Series and Parallel Inductors
Measurement of Loss
Insulation Resistance Measurement
Ampere's Circuital LawClosely Related Articles
Mechanical Equivalent of Heat
Faraday's Law of Electromagnetic Induction
Faraday's Laws of Electrolysis
Biot Savart Law
Ampere's Circuital Law
Wiedemann Franz Law
Biot Savart Law
After, through observations and calculations they had derived a mathematical expression, which shows, the magnetic flux density of which dB, is directly proportional to the length of the element dl, the current I, the sine of the angle and θ between direction of the current and the vector joining a given point of the field and the current element and is inversely proportional to the square of the distance of the given point from the current element, r. This is Biot Savart law statement. Where, k is a constant, depends upon the magnetic properties of the medium and system of the units employed. In SI system of unit, Therefore, final Biot Savart law derivation is, Let us consider a long wire carrying a current I and also consider a point p in the space. The wire is presented in the picture below, by red color. Let us also consider an infinitely small length of the wire dl at a distance r from the point P as shown. Here, r is a distance vector which makes an angle θ with the direction of current in the infinitesimal portion of the wire.
If you try to visualize the condition, you can easily understand the magnetic field density at the point P due to that infinitesimal length dl of the wire is directly proportional to current carried by this portion of the wire. As the current through that infinitesimal length of wire is same as the current carried by the whole wire itself, we can write, It is also very natural to think that the magnetic field density at that point P due to that infinitesimal length dl of wire is inversely proportional to the square of the straight distance from point P to center of dl. Mathematically we can write this as, Lastly, magnetic field density at that point P due to that infinitesimal portion of wire is also directly proportional to the actual length of the infinitesimal length dl of wire. As θ be the angle between distance vector r and direction of current through this infinitesimal portion of the wire, the component of dl directly facing perpendicular to the point P is dlsinθ, Now, combining these three statements, we can write, This is the basic form of Biot Savart's Law Now, putting the value of constant k (which we have already introduced at the beginning of this article) in the above expression, we get Here, μ0 used in the expression of constant k is absolute permeability of air or vacuum and it's value is 4π10-7 Wb/ A-m in SI system of units. μr of the expression of constant k is relative permeability of the medium. Now, flux density(B) at the point P due to total length of the current carrying conductor or wire can be represented as, If D is the perpendicular distance of the point P form the wire, then Now, the expression of flux density B at point P can be rewritten as, As per the figure above, Finally the expression of B comes as, This angle θ depends upon the length of the wire and the position of the point P. Say for certain limited length of the wire, angle θ as indicated in the figure above varies from θ1 to θ2. Hence, magnetic flux density at point P due to total length of the conductor is, Let's imagine the wire is infinitely long, then θ will vary from 0 to π that is θ1 = 0 to θ2 = π. Putting these two values in the above final expression of Biot Savart law, we get, This is nothing but the expression of Ampere's Law.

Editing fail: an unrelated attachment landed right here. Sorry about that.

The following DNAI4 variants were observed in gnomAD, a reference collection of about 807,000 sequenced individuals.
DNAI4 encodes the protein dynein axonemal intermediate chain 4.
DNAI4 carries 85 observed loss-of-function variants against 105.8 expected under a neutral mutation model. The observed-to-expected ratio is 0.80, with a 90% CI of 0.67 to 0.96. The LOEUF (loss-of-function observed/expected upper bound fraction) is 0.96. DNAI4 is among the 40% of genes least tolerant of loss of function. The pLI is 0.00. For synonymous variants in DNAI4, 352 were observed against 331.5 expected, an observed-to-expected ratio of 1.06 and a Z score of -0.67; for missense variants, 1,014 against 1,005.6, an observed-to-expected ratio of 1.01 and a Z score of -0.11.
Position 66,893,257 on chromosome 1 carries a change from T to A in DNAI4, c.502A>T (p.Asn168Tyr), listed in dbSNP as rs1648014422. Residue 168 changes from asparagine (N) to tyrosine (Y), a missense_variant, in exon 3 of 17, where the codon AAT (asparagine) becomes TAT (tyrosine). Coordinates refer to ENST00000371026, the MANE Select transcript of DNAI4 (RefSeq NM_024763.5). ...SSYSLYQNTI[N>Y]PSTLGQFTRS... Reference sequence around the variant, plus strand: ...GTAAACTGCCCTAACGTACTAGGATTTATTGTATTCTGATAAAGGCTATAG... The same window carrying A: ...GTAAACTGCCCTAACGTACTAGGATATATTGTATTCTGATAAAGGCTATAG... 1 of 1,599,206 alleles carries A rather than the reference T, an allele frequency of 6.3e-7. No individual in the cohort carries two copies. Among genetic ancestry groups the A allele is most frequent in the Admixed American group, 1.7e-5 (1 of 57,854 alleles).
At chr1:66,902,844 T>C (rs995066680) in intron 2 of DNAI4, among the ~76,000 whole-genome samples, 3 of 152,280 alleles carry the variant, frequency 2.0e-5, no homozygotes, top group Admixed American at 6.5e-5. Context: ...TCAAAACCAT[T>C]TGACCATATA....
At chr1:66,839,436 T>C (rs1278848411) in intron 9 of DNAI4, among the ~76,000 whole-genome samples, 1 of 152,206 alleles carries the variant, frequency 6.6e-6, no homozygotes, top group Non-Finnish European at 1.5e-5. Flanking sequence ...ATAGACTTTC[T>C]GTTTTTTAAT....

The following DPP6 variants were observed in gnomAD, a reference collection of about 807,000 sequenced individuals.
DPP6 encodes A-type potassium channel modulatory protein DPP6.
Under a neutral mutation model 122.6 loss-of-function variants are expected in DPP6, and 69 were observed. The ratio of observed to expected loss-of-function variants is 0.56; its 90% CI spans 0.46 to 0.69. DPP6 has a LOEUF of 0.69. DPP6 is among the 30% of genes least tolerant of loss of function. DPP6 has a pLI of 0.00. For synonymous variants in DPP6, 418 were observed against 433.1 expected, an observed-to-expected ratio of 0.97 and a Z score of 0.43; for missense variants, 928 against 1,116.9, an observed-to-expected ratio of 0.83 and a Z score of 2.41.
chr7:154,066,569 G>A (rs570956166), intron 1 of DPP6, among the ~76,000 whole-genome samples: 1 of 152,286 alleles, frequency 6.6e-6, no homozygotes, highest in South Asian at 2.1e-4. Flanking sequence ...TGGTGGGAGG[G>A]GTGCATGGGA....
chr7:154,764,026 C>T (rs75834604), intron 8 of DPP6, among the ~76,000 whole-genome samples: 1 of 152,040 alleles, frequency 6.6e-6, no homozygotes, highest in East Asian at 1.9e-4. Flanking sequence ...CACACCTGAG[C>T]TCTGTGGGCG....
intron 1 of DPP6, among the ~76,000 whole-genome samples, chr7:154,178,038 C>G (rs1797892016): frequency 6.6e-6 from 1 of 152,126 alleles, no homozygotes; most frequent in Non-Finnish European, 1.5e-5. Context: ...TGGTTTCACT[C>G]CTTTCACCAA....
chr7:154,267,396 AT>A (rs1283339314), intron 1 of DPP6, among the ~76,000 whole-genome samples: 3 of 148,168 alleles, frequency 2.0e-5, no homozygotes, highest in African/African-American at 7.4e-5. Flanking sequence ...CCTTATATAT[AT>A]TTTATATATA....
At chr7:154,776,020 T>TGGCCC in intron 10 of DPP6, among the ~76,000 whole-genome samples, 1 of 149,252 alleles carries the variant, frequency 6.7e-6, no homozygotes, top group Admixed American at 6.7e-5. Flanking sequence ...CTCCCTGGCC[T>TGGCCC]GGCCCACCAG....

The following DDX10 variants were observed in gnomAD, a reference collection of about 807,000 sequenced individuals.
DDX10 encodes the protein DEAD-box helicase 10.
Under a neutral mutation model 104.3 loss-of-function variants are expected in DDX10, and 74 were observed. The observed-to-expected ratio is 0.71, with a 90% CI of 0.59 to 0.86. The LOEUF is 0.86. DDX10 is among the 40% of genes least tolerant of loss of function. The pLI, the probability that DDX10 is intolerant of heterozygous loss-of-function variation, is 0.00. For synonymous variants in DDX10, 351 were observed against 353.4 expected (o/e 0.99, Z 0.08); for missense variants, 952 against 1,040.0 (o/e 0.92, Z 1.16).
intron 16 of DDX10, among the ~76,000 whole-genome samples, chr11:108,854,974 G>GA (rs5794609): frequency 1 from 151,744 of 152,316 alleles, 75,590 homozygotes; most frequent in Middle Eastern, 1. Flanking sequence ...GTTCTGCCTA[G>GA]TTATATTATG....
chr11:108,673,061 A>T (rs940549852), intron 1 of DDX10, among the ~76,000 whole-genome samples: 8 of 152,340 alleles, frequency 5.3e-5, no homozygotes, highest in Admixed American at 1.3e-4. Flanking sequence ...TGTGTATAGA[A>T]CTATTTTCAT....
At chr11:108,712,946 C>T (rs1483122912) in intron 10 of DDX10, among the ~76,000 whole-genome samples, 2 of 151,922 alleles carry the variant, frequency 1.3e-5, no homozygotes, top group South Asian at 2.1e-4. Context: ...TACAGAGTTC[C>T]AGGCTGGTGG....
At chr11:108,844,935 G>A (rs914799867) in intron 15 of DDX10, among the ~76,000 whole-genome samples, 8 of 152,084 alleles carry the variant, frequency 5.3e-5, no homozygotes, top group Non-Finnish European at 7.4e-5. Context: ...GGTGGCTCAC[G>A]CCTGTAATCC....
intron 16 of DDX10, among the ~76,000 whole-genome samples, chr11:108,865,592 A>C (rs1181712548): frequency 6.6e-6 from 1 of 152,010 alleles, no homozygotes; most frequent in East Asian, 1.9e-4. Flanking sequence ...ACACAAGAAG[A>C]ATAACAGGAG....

Closely Related Articles Joule's Law of HeatingMechanical Equivalent of HeatFaraday's Law of Electromagnetic InductionLenz's Law of Electromagnetic InductionFaraday's First and Second Laws of ElectrolysisAmpere's Circuital LawGauss TheoremFleming's Left Hand Rule and Fleming's Right Hand RuleSeebeck Effect and Seebeck CoefficientWiedemann Franz LawMore Related Articles New Articles Series and Parallel Inductors Electric PowerMeasurement of Losses in Shunt ReactorThree Phase Shunt ReactorMeasurement of Insulation ResistanceAmpere's Circuital Law